People in prisons are, by some estimates, five times more likely to get COVID-19 than those on the outside. To enable social distancing, some people incarcerated in more than twenty-one states were granted early releases last year. This was also the case in Washington State, where I am incarcerated.

But, as soon as Washington’s incarcerated population decreased from around 17,000 to around 13,000 in an effort to save money, the Department of Corrections shut down living units and targeted entire prisons for closure. The remaining residents were, once again, crammed together, negating the previous releases. Outbreaks soon ensued.

Prison guards refused to wear masks or take any action to protect our health, and my neighbors and I knew COVID-19 would soon find its way into our home.

Here in the Monroe Correctional Complex (MCC), five prisons sit on a small hill in the middle of rural Monroe, Washington—this includes the Washington State Reformatory (WSR), a general population facility; the Special Offenders Unit, housing people supposedly unfit for the general population because of mental illness; the Twin Rivers Unit, a protective custody facility, with a mandatory program for sex-offenders; the Intensive Management Unit, a solitary confinement prison used for long-term disciplinary sanctions; and the Minimum Security Unit, a work-camp for people with less than four years remaining on their sentences.

WSR is more than 100 years old. The building is crumbling, and the ventilation is poor. Yet, because of its location (less than an hour from Seattle), people incarcerated in Washington often spend their entire sentences trying to get there. This is also due to the progressive, volunteer-based programs that abound there.

Prior to COVID-19-related moratoriums, the Latino Development Organization offered educational opportunities in Spanish to incarcerated people who were being deported upon release. University Beyond Bars provided transferable associate and bachelor degrees to incarcerated people. Alternative to Violence trained residents to become facilitators in its program. And the Black Prisoners’ Caucus worked with politicians and legislators. 

The list goes on, and for this reason—among others—transfer to WSR was an unofficial reward for good behavior.


But, despite the opportunities it offers, WSR isn’t suited to protect its residents during the pandemic. For one, it lacks the protective metal doors found in newer facilities. Instead, it has barred cells, placed about a foot apart so thateverybody constantly breathes the same recycled air. Annual colds and flu spread rapidly, and staph infections are a constant threat.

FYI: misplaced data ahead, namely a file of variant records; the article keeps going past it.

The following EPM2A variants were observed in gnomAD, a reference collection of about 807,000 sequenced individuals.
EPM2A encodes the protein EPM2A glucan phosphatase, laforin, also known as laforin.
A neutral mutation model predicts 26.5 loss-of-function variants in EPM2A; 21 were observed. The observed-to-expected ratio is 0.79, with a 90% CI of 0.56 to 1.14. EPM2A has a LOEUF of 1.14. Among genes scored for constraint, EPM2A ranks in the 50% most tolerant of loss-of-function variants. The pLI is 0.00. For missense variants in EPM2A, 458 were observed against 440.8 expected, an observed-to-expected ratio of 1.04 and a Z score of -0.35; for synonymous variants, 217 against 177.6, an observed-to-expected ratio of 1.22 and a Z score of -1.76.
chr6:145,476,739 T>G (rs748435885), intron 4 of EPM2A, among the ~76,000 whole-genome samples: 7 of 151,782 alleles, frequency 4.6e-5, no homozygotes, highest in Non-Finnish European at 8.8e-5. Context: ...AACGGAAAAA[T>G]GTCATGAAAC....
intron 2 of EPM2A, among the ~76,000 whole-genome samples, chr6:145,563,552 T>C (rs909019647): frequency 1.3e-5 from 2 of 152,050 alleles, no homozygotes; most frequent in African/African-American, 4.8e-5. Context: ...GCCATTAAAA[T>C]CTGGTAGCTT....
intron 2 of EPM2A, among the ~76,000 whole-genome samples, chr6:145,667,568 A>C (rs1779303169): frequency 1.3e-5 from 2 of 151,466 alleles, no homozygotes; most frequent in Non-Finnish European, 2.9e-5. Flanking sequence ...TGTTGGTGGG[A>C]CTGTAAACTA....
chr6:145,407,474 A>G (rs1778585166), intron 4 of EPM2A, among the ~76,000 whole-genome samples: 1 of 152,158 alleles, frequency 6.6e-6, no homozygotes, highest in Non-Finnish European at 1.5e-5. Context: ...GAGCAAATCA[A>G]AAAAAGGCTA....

When Washington became the first state in the United States to report cases of COVID-19, I sat in my six-by-nine cell in WSR, watching the news as the virus cast its deadly shadow over a nursing-home in Kirkland, a city located just forty minutes away.

Prison guards refused to wear masks or take any action to protect our health, and my neighbors and I knew COVID-19 would soon find its way into our home. It hit the Minimum Security Unit first. Residents were shot with nonlethal projectiles for organizing a protest, which was later labeled the first prison riot in the country over conditions related to COVID-19. In the days following the protest, staffers in MCC were finally mandated to wear masks.

By that time, however, my neighbors were already coughing, wheezing, and attempting to hide their symptoms, since anyone who reported symptoms of COVID-19 was taken to 24/7 solitary confinement and denied phone access and showers.

Outbreaks soon plagued prisons and jails everywhere across the country. In May 2020, Chicago’s Cook County Jail reported a higher infection rate than almost anywhere in the country. As John J. Lennon, a New York prisoner and contributing editor for Esquire, wrote, “Social distancing, to the extent that you guys do it in society, is impossible in a place like Sing Sing and most prisons around the nation, I would say. The tier is like two feet wide. You literally have to go chest-to-chest to slide by somebody.”

Eventually, an outbreak in WSR was detected by the prison administration, and rapid releases were granted by Washington Governor Jay Inslee. An emergency hospital unit was erected in the prison gymnasium, and no cell housed more than one person at a time. As a result, cases went down. And, for the first time since the pandemic began, we felt like the DOC had finally done something right.

Then, one morning we woke up to an electronic message on the unit kiosk (like that in an airport departure lounge), informing us that the decreased population had provided the DOC an opportunity to save money by consolidating living units. Many units across the state would be shut down, and cells would be, once again, doubled up. In the case of WSR, the entire prison would be closed, and those housed there would be relocated.

I was sent to the Minimum Security Unit, and about a week later, an entire block of cells here was closed. As its occupants were divided into other units, the question circulating—seemingly on repeat—was, “Why is saving money all of a sudden more important than socially distancing?” Days later, residents in my new unit began testing positive for COVID-19, and the prison entered—once again—into outbreak status.

Nothing has changed here. Buses continue to dump more people into our overcrowded home every week, while that one unit remains empty. My old neighbors in WSR are being sent out, and the most progressive prison programs in the state have been dismantled. In addition, prison staff in Washington are prepared to quit their jobs over vaccine mandates.

COVID-19 is still deadly, and though it’s disproportionately hurting those of us who are in prisons, it doesn’t seem to matter when officials care more about their bottom line than our health and wellbeing.